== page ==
- Don't invite spirits to enter or join you. If you are using a Ouija Board to attempt communication with a deceased person, don't allow them to "join" you if they request this. Even if it seems like you've made contact with a benevolent spirit, you really don't know whom or what you are communicating with.
Dungeon and Dragons
Dungeons and Dragons (D&D) is another board game that some people consider harmful. These complaints stem mostly from the Satanic Panic of the 1980s rather than from solid evidence of D&D's physical and emotional harm that is present. Some people think that D&D is associated with the occult, and that playing the game will act as a gateway for people (children especially) to dabble in occult activities. While this is certainly possible, there is no direct correlation between the two. Many who try occult activities have never played D&D, for example.
Another common assumption about D&D is that it causes players to lose touch with reality as they delve deeper into the fantasy world of the game. Ultimately, the concern is that if someone creates a character who murders people in the game, that this person will then be prone to murdering someone in real life. Once again, there is no direct link between behavior in the game and behavior apart from the game. Yet, these concerns touch on valid issues about dissociation which come from obsessive game play for any sorts of games, whether they be video games, board games, or something else.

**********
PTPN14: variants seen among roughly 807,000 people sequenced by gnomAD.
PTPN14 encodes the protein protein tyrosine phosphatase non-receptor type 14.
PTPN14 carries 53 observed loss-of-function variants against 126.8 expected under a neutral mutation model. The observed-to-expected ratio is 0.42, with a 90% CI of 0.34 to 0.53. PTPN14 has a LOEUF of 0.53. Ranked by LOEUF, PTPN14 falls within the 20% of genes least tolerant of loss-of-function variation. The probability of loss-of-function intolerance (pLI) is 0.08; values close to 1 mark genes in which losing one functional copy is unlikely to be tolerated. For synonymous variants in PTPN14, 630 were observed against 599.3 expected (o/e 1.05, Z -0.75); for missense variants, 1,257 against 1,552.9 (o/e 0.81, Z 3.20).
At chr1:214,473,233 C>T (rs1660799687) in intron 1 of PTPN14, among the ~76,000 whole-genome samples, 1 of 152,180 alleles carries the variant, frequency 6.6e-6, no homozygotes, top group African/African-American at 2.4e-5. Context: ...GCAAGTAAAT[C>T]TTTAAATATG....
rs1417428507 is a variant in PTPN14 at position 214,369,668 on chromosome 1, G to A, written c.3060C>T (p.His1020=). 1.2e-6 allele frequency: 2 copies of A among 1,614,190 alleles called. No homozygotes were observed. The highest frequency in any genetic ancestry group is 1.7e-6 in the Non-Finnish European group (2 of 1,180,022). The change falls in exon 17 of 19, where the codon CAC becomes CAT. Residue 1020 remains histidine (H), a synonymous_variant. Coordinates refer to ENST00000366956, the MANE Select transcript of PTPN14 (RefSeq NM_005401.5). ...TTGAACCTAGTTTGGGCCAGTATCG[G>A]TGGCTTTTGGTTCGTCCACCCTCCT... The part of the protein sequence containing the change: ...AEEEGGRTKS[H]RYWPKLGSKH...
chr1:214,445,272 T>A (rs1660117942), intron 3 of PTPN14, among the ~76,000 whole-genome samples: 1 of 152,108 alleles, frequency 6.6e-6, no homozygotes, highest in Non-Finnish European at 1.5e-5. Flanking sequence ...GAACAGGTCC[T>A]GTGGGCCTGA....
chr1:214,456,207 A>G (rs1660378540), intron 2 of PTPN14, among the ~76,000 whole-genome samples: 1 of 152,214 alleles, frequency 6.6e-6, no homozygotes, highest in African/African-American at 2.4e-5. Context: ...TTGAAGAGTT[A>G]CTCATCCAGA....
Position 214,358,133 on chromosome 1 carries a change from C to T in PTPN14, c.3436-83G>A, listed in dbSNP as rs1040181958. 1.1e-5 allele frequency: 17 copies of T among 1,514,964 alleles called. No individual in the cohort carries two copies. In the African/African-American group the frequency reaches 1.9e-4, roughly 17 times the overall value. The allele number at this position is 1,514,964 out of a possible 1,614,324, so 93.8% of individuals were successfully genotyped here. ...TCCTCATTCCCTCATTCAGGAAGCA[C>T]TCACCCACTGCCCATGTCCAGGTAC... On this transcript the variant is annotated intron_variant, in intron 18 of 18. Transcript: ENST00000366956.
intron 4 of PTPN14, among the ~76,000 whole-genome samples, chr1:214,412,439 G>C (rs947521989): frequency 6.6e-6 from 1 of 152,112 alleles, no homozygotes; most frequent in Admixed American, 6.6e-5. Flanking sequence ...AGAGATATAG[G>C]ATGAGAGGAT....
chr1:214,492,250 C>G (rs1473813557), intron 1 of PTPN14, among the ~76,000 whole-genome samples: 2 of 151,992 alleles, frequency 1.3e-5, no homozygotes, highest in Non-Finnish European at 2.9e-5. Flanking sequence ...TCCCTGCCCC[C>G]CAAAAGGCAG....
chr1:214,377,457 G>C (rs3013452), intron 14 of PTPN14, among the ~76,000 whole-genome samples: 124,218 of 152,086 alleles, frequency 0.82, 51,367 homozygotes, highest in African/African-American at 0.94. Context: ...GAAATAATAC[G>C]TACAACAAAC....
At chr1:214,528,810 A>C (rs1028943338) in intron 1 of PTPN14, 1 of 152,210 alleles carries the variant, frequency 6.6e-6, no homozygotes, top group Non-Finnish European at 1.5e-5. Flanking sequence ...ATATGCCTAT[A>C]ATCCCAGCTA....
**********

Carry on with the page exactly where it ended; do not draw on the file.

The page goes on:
Positive Side Effects of Playing Board Games
All in all, board games have a reputation for having quite positive effects on the human mind and body. There's some serious research that has recently been conducted to understand the ways that playing board games can benefit the human body, physically, mentally, and socially.